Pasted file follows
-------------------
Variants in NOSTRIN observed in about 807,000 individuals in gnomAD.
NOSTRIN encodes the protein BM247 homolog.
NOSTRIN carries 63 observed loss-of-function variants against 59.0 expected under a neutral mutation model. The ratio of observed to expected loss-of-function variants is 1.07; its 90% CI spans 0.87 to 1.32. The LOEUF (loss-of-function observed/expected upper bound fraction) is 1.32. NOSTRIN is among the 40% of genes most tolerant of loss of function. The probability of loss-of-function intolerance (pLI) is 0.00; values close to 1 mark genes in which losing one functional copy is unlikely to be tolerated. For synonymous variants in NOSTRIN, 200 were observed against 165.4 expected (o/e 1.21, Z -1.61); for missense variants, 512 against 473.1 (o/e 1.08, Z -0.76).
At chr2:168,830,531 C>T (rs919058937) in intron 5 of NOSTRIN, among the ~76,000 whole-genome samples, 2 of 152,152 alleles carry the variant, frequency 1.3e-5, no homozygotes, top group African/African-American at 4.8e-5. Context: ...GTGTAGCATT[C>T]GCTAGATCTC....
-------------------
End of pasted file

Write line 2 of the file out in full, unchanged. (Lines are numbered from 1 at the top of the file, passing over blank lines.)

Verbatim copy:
NOSTRIN encodes the protein BM247 homolog.